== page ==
Montgomery GI Bill® Selected Reserve: This program provides up to 36 months of education benefits. It is intended for members of the Selected Reserve and National Guard who have enlisted or re-enlisted in the Selected Reserve with an obligation to serve 6 or more years after June 30, 1985. To be eligible, you must complete initial active duty for training (IDAT). Eligibility expires upon leaving the Selected Reserve. This benefit is also paid to you monthly, so you’ll need to work with your school on a financial plan. For more information, visit www.benefits.va.gov/gibill/mgib_sr.asp.

Vocational Rehabilitation and Employment: This program supports eligible servicemembers and veterans with service-connected disabilities. Designed to help you prepare for, obtain, and maintain suitable employment, it may cover the entire cost of tuition and fees. Before receiving this benefit, you will meet with a Vocational Rehabilitation Counselor to develop an education plan. For eligibility details or to contact a Vocational Rehabilitation Counselor, visit https://www.benefits.va.gov/vocrehab/eligibility_and_entitlement.asp

Fry Scholarship: This scholarship provides the Post 9/11 GI Bill® to children of servicemembers and surviving spouses of Armed Forces members who died in the line of duty after 9/10/2001. Qualifying individuals may receive up to 36 months of benefits at the 100% level as well as a Monthly Housing Allowance (MHA) and a book and supplies stipend. For more information, visit www.benefits.va.gov/gibill or www.benefits.va.gov/gibill/docs/factsheets/fry_scholarship.pdf.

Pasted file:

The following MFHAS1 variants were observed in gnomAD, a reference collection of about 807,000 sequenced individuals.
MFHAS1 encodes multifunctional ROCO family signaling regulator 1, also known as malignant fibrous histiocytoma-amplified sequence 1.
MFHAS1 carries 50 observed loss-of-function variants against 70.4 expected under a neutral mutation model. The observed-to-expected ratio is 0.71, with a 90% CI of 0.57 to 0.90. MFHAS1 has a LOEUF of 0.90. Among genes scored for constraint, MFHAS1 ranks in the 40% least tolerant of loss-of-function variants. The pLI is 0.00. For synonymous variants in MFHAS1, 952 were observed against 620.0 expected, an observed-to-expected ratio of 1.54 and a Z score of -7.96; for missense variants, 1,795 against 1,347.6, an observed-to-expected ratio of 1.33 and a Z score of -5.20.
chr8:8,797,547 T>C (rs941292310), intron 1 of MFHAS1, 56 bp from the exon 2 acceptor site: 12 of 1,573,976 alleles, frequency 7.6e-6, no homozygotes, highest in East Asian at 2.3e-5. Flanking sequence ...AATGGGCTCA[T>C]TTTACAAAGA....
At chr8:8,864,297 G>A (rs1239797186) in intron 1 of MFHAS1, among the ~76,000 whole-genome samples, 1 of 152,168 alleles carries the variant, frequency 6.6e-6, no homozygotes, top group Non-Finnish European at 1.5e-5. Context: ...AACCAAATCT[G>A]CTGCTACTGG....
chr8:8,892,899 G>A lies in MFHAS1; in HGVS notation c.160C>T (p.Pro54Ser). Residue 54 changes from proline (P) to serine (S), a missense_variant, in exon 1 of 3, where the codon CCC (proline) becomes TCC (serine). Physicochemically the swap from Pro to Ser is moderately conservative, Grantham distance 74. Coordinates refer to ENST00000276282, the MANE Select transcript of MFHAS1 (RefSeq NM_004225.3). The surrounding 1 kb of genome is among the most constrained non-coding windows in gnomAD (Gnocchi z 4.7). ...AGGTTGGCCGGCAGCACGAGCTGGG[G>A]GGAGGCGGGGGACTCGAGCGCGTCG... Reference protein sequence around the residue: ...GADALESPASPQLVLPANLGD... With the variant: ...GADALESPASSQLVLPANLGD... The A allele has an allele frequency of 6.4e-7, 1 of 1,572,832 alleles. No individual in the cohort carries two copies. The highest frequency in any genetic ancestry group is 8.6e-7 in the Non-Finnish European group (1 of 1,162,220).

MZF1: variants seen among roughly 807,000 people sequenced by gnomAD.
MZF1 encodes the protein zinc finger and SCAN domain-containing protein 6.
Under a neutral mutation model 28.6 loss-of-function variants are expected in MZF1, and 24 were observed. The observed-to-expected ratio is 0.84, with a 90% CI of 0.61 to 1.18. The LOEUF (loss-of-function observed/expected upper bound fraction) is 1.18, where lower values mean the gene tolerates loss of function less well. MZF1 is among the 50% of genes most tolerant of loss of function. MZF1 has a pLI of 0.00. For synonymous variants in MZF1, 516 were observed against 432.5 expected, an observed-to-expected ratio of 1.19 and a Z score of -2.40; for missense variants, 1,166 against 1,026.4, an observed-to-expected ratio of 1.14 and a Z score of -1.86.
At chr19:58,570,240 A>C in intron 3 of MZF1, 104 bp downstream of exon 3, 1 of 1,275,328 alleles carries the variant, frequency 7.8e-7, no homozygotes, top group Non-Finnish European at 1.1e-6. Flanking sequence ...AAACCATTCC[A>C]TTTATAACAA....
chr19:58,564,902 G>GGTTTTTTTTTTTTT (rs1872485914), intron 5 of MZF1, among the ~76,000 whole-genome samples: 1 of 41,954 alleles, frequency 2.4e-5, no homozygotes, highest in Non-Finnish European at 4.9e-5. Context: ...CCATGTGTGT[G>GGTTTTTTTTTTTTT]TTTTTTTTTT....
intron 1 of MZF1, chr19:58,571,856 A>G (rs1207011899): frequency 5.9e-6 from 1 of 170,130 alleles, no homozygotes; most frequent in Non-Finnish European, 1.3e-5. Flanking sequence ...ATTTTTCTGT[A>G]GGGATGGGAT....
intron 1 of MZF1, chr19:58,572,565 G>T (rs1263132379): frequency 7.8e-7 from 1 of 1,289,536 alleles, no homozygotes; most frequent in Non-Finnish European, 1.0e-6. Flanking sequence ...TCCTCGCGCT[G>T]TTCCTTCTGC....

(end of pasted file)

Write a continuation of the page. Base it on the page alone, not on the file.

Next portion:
Survivors' and Dependents' Educational Assistance (DEA): DEA provides educational assistance to spouses and dependents of veterans who have died or are totally and permanently disabled as a result of their service. This benefit pays directly to the student, so you’ll need to work with your school on a financial plan. For more information, visit www.benefits.va.gov/gibill/survivor_dependent_assistance.asp.

Using Your GI Bill® Benefits at South University

To learn about using military and VA education benefits at South University, visit our Military Benefits page or view our Military Brochure. When you request information online or call South University at 1.888.444.3404, we’ll connect you with a team member who specializes in supporting military students as they prepare to pursue a college degree.

*GI Bill® is a registered trademark of the U.S. Department of Veterans Affairs (VA). More information about education benefits offered by VA is available at the official U.S. government Web site at https://www.benefits.va.gov/gibill.

by South University
December 7, 2018
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Tips for Transitioning from the Military to College

by South University
September 21, 2018
A photo of South University faculty member teaching a college course.

After leaving the military, earning a degree is a strategic way to prepare you for your next career move. Of course, any transition this big involves a lot of questions and decisions, so we’ve compiled a few tips that can help along the way.

1. Pick a program and learning style that’s right for you.

Look for a program that matches your interests and strengths while also preparing you to achieve your professional goals. If you're considering multiple programs, reflect on what you liked most about your military career. What civilian careers offer those same aspects? To help you decide, ask schools for details on program curriculum and outcomes.